“Da Bull” was going to compete in the Olympia 212 Showdown in Orlando.Read article
You’re about six beers deep and finally—after several overpriced dinners and cocktails—you’ve convinced a super hot chick that you’re the all-around awesome guy she initially hoped you’d be. Score! So as you head back to your place and things get heated, there’s no shot you’re killing the mood with a condom…right?
Bad idea. Terrible idea. In fact, that logic is so flawed we’re going to go ahead and counter it with the ultimate mood killer: In the first year of a baby’s life—between doctor visits, clothing, food, and everything else, a parent can expect to spend more than $10,000. (Yeah. Let that sink in.)
So unless you’re ready to trade beer for baby formula, read this—our expansive guide to making sure you don’t knock her up. Because even if you play it safe most of the time, you’re probably screwing up in ways you didn’t even know were possible. And like your old man always said, it only takes one mistake.
The potential damage: We couldn’t believe that nearly 1 in 5 of men buy into this, but according to a 2010 study, it’s true. Yikes. “The law of gravity is not a contraceptive,” says Debby Herbenick, Ph.D., the co-director of The Center for Sexual Health Promotion. That’s a seemingly obvious assessment, right? Use it.
The potential damage: Always, always, always check what your lube is made out of—otherwise, that condom might do jack. “Oil-based or petroleum-based lubricants like mineral oil or massage lotion can destroy condoms, making them more likely to break,” says sexologist and sexuality educator Megan Andelloux.
The potential damage: Using items like knives or scissors—even your teeth—to open a wrapper will make it very easy to mistakenly poke a hole in the condom. (In one study, dudes who did so were about three times more likely to encounter breakage.) Think about it—do you really want sharp objects coming anywhere near the super-thin barrier that stands between you and fatherhood?
The potential damage: If you covered up a faucet with your hand and turned it on full blast, where would the water go? See what we’re sayin’? It’s not rocket science. So leave approximately half an inch at the top of the condom to properly “catch” your sperm, says Herbenick; without this wiggle room, you’re risking breakage.
The potential damage: If you’re in a relationship, you should trust that she’s true to her word. But for a one-night stand? It’s not worth the risk. According to the Centers for Disease Control and Prevention, birth control pills are between 91-99% effective in preventing pregnancy—but the pill plus a condom gives you close-to-perfect protection. Your call.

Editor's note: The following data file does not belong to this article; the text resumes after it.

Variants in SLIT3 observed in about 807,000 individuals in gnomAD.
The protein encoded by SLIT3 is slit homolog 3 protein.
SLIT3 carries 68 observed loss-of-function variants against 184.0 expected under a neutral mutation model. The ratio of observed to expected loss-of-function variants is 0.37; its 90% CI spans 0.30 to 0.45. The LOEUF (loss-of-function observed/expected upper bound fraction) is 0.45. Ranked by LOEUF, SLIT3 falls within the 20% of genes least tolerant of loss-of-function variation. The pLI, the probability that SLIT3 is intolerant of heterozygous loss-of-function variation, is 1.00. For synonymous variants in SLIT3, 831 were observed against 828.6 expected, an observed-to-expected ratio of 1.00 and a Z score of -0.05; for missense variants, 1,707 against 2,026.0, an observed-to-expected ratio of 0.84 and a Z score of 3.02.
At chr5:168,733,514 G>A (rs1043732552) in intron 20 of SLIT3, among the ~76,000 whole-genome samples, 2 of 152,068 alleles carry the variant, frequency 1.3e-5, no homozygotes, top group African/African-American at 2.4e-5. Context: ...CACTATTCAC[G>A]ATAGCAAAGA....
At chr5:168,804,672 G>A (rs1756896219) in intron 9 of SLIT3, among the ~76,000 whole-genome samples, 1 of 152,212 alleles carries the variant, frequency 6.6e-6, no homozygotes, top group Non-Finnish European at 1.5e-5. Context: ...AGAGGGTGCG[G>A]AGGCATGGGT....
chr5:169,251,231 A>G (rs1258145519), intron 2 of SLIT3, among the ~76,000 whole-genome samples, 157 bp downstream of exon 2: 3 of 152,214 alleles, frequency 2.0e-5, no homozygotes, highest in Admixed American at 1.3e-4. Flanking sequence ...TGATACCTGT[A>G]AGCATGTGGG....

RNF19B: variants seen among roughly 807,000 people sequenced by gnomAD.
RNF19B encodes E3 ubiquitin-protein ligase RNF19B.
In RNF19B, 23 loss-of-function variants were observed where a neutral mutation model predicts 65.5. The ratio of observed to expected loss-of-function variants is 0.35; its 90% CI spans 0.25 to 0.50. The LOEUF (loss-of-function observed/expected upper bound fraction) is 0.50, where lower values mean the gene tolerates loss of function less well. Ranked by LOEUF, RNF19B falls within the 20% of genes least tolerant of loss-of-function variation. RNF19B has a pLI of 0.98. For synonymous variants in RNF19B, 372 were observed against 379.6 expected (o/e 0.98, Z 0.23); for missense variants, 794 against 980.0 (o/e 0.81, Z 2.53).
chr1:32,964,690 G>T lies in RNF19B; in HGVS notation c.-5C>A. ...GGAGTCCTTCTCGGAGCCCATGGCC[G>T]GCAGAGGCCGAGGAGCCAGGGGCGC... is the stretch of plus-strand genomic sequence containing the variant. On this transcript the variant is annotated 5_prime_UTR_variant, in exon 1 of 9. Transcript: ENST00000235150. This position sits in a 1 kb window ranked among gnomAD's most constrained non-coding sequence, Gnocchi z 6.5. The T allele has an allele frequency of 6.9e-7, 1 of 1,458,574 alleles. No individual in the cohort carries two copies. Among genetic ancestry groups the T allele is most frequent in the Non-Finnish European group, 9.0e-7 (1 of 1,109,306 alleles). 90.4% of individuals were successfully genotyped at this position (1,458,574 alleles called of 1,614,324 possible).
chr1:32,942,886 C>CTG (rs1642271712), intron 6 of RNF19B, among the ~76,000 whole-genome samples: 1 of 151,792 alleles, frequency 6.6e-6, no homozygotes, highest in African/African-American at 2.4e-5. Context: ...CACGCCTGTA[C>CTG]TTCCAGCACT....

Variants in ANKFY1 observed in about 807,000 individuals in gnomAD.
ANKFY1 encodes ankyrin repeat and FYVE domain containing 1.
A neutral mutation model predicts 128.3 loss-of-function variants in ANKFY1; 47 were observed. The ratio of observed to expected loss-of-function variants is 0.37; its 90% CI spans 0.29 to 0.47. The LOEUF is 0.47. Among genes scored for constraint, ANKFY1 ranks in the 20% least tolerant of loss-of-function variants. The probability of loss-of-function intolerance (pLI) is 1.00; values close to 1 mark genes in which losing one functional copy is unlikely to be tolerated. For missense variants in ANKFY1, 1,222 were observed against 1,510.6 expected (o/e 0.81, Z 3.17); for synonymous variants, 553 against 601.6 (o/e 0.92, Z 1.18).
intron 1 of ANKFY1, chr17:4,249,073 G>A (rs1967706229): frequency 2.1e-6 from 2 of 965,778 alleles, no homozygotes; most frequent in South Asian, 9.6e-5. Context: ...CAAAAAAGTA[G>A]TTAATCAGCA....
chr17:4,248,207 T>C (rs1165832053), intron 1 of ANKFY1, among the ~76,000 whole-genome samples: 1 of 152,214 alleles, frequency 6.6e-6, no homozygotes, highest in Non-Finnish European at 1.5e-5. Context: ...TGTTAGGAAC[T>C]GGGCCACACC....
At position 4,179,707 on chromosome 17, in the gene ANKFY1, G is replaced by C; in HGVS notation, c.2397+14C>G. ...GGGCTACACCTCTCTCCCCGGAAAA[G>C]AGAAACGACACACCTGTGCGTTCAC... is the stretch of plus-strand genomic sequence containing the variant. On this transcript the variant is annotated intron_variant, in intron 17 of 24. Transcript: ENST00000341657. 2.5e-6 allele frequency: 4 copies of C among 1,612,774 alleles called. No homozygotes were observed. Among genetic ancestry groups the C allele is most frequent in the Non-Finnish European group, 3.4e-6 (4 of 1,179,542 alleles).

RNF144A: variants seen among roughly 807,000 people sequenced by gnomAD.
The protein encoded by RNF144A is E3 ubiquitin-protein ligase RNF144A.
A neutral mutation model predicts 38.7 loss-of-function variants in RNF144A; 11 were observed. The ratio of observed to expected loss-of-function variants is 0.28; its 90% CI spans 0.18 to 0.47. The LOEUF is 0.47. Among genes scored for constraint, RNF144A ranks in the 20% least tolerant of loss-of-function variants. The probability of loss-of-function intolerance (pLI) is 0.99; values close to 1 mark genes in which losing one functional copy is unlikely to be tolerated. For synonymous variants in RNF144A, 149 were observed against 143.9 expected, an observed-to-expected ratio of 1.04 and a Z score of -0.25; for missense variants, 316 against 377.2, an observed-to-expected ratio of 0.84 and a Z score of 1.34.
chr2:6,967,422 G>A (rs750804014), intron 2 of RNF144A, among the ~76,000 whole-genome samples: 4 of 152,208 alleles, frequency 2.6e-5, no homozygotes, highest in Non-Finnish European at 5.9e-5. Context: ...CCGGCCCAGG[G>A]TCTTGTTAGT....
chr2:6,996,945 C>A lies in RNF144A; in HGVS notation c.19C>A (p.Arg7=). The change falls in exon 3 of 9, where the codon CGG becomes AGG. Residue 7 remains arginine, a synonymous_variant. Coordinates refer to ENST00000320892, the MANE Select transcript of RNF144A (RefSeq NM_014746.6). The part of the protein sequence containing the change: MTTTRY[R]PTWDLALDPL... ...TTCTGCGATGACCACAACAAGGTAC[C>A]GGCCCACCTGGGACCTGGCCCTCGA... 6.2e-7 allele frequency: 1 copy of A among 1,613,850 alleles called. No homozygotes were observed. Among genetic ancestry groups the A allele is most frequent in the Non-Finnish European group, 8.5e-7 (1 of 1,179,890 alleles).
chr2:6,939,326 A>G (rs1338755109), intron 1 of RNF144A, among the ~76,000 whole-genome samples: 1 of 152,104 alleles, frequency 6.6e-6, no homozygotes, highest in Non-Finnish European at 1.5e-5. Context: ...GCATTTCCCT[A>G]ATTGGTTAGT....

The potential damage: Sure, it’s an understandably awkward situation if you’re about to “get it in” and can’t figure out where the hell you put the condom. But is it more awkward than becoming a daddy if you’re not ready for a kid? Get off your ass and search a little harder, or walk to the store and pick up an extra pack. According to the World Health Organization, with perfect use, condoms prevent pregnancy 98% of the time. That’s pretty damn good.
The potential damage: Using a condom that hasn’t been properly stored might get you into a situation worse than the sexual slump you just endured. According to Herbenick, extreme heat or cold can damage the latex used in condoms, so the best spot for stashing them is a cool, dark, dry place—like in your nightstand—or a small, hard case (think: one made for business cards). And if you’re really trying to be a douche about the whole thing, there’s alwasy this $200 Swarovski crystal condom compact.
The potential damage: Those marathon sex sessions you’ve been having (nice work, bro) are bound to wear down the condom, making it dry and prone to ripping. “Always use lube inside the condom. It prevents breakage and, plus, it actually feels so much better for the condom-wearer,” says Andelloux. Remember: Check the type of lube before you apply, and just use a drop—too much can make the condom slip off.
The potential damage: If you’re patting yourself on the back for using a condom in the first place…don’t. Taking a condom off too early on into sex “can directly compromise the efficacy of condom use,” according to a recent study from The Journal of Sexual Health. But you know that, silly! So if you play by the rules and keep that sucker on the entire time, it’s 98% certain (see no. 6) you won’t have to worry about becoming a daddy. (Just be sure you hold the base of the condom during withdrawal to make sure it doesn’t slip off or leak you-know-what.)
The potential damage: You might think you have impeccable timing, but even if you do pull out in time, it’s still possible to get her pregnant. How? According to Planned Parenthood, your pre-ejaculate can pick up enough sperm left in your pipes from your last ejaculation to fertilize an egg. Whoa. Now, urinating between ejaculations might help, but as they say, it’s always safer to wrap it before you tap it—and the risk-taking for your non-sexual adventures.